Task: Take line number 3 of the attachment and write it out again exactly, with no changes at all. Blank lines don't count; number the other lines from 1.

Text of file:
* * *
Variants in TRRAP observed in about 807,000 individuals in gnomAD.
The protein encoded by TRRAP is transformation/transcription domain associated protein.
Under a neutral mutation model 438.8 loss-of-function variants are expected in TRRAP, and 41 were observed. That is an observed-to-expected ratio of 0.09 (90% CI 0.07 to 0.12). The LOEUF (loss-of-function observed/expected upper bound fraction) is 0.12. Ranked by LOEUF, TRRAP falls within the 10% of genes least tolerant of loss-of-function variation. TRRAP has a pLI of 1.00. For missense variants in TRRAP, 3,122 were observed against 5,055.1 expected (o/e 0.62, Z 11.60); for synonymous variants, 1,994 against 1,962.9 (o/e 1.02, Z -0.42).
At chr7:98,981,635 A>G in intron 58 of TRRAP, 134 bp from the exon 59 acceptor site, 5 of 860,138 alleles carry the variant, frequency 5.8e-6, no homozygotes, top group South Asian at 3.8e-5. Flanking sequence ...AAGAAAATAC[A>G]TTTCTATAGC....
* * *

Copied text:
Under a neutral mutation model 438.8 loss-of-function variants are expected in TRRAP, and 41 were observed. That is an observed-to-expected ratio of 0.09 (90% CI 0.07 to 0.12). The LOEUF (loss-of-function observed/expected upper bound fraction) is 0.12. Ranked by LOEUF, TRRAP falls within the 10% of genes least tolerant of loss-of-function variation. TRRAP has a pLI of 1.00. For missense variants in TRRAP, 3,122 were observed against 5,055.1 expected (o/e 0.62, Z 11.60); for synonymous variants, 1,994 against 1,962.9 (o/e 1.02, Z -0.42).